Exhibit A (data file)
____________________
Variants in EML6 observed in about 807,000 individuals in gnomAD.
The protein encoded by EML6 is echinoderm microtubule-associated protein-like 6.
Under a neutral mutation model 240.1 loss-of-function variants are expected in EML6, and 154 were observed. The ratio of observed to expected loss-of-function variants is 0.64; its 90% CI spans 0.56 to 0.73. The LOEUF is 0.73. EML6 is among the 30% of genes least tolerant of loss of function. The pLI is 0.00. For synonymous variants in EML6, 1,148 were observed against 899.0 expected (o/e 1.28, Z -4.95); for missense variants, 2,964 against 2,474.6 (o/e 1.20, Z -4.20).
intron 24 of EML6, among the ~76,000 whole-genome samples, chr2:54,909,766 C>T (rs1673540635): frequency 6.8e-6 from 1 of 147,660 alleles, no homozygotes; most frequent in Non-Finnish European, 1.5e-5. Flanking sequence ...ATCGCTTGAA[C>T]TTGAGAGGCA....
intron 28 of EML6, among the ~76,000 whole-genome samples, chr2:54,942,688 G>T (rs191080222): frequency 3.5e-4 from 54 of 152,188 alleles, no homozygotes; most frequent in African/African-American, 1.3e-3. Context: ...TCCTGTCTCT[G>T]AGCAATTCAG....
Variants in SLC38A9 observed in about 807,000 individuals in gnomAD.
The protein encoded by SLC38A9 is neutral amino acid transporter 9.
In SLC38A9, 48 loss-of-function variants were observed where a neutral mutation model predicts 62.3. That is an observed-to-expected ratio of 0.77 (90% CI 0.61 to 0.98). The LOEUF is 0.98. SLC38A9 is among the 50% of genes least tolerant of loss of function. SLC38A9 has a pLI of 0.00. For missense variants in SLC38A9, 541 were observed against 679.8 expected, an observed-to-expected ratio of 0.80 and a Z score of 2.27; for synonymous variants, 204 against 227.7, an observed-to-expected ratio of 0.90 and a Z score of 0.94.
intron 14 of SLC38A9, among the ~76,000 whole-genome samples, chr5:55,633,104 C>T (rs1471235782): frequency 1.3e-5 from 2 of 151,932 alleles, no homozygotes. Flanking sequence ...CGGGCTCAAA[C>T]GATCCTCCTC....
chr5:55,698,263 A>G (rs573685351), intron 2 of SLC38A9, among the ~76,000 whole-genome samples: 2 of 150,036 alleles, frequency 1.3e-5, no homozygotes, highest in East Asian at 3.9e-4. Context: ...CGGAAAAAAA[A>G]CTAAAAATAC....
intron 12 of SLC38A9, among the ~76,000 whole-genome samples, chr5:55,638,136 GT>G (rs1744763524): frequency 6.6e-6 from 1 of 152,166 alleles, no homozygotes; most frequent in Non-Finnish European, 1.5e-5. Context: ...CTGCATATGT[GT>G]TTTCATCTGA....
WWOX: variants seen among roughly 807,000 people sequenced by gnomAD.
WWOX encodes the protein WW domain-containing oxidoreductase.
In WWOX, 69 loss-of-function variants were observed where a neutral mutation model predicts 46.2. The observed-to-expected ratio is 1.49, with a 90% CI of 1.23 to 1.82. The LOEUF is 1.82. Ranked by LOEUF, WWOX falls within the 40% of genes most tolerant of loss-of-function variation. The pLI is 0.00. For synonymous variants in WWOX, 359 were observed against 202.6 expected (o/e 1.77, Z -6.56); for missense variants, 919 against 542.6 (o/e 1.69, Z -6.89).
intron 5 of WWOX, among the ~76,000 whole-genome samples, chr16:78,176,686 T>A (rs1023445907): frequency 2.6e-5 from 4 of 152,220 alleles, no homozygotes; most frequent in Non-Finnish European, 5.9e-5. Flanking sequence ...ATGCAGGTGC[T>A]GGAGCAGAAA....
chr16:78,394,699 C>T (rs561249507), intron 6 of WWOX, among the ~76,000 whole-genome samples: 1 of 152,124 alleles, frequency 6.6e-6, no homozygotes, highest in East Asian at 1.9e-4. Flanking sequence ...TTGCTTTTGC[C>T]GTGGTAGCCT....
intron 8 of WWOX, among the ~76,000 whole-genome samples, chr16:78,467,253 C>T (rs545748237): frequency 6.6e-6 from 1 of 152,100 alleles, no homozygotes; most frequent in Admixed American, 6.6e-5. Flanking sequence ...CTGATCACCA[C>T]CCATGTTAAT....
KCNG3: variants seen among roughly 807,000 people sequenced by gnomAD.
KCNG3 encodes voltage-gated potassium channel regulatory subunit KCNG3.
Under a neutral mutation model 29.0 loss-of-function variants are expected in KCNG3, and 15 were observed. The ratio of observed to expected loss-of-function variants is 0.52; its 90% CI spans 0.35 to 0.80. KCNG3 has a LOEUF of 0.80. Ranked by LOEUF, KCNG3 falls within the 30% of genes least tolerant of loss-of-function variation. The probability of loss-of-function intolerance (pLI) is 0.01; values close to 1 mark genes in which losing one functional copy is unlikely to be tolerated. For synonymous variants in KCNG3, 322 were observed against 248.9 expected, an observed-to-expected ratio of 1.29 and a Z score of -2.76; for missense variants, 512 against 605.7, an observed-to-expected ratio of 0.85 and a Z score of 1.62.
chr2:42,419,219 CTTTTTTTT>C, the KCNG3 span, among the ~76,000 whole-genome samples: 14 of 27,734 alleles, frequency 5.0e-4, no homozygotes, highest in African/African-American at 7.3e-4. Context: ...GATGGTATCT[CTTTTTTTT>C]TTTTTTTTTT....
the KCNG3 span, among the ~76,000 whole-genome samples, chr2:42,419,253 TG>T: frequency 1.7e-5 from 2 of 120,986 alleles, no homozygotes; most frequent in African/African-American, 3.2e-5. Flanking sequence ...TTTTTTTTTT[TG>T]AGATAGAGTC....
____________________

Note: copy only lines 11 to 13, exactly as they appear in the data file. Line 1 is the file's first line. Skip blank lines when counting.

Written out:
intron 12 of SLC38A9, among the ~76,000 whole-genome samples, chr5:55,638,136 GT>G (rs1744763524): frequency 6.6e-6 from 1 of 152,166 alleles, no homozygotes; most frequent in Non-Finnish European, 1.5e-5. Context: ...CTGCATATGT[GT>G]TTTCATCTGA....
WWOX: variants seen among roughly 807,000 people sequenced by gnomAD.
WWOX encodes the protein WW domain-containing oxidoreductase.